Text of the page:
The Bulletin: Fake fires at churches, heatwaves, and flaring tempers đŸ„” [Issue #41]

The Bulletin is a collection of what's happened, what’s happening, and what’s to come in and around Montreal.

The Main

The Main

September 7, 2023- Read time: 9 min
The Bulletin: Fake fires at churches, heatwaves, and flaring tempers đŸ„” [Issue #41]A toast to when we can finally cool off this weekend. Photo © Bar Waverly

We are schvitzing.

As we take turns at The Main's headquarters sitting around the office AC unit (we named her Salvation), a heat record was broken in the city on September 6th with a high of 31.9 degrees Celsius, and a humidex of 42.

Not to get overly fatalistic about it, but this week's harsh and sudden heatwave comes at a time when rising temperatures are shaping much of what's going on in the city right now. Tensions over the rental crisis continue to grow, essential systems like education and public transportation are groaning under mounting pressure—heck, some people were even thinking the steps of the Oratory caught fire last weekend.

Today (and the following four days?!) is calling for long overdue and likely intense thundershowers, but somehow that doesn't seem like the catharsis we need right now.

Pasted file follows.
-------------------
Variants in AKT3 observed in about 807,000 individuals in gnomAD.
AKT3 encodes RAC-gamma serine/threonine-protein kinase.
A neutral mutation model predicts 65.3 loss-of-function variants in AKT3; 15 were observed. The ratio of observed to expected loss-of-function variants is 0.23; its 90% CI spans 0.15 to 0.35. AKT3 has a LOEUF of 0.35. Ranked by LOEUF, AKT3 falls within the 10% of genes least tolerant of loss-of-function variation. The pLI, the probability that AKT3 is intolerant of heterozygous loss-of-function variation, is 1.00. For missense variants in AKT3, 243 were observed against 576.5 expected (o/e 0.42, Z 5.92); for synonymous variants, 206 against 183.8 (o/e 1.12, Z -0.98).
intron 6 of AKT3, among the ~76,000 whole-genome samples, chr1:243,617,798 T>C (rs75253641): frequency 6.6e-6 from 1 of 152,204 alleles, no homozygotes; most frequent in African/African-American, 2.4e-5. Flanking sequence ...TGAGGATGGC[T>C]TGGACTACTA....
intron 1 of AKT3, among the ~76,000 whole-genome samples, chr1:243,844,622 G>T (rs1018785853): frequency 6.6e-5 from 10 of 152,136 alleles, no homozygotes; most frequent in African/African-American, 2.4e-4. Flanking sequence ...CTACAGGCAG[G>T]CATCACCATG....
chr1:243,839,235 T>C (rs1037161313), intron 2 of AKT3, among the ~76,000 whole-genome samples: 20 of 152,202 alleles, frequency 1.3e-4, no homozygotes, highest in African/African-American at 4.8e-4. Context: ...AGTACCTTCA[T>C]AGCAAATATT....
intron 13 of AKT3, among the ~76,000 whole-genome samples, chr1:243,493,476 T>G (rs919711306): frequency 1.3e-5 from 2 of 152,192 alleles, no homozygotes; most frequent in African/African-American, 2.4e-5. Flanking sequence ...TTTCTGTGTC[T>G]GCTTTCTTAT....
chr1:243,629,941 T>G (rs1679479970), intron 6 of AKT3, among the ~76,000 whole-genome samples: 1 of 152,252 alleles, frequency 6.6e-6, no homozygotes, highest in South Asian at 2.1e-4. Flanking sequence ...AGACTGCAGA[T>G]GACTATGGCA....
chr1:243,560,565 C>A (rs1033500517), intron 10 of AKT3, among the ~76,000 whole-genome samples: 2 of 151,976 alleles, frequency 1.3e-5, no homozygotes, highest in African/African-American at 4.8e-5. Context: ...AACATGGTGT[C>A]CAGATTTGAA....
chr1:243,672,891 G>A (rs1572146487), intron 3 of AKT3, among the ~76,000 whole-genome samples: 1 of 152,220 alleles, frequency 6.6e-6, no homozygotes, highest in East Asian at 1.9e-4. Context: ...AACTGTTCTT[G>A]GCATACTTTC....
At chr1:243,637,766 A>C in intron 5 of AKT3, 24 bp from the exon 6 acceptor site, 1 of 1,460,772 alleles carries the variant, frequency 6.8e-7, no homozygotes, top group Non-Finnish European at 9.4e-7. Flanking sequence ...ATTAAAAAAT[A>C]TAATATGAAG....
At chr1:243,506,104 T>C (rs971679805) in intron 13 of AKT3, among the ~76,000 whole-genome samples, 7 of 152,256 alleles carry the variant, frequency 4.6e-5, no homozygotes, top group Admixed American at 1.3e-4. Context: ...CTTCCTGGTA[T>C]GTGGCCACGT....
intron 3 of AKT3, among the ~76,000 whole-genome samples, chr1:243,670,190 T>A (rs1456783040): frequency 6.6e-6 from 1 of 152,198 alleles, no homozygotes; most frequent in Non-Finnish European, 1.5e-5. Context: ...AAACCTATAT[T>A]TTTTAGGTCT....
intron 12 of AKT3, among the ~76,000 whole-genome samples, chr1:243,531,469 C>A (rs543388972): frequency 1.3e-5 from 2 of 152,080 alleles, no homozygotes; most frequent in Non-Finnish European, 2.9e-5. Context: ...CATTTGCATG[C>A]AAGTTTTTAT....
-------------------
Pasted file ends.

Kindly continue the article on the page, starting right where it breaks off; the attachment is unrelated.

We are schvitzing, and we need a drink—good thing there are more than 500 beers across two events this weekend. Read on for more.


  • Bring your own food to the Jardin du MonastĂšre downtown and watch circus performances. There's also an on-site bar for cocktails, wine, beer and liquor.
  • CHOM5KY vs CHOMSKY: A playful conversation on AI is a new collaborative virtual reality experience that invites users to examine the promises and pitfalls of AI—on now at the NFB's downtown Media Space.
  • The sixth edition of artch, Montreal's festival of emerging contemporary art, is now under way in the lobby of 1 PVM and on the Esplanade PVM.
  • MOMENTA Biennale kicks off its 18th edition (running Sept 7 to October 22), with the opening night getting underway in front of the Fonderie Darling. Check out the full list of programming here.


  • Artists Chris Curreri and Maya Watanabe will present individual exhibitions using transforming photos and video at Occurence, an art space in the Mile End.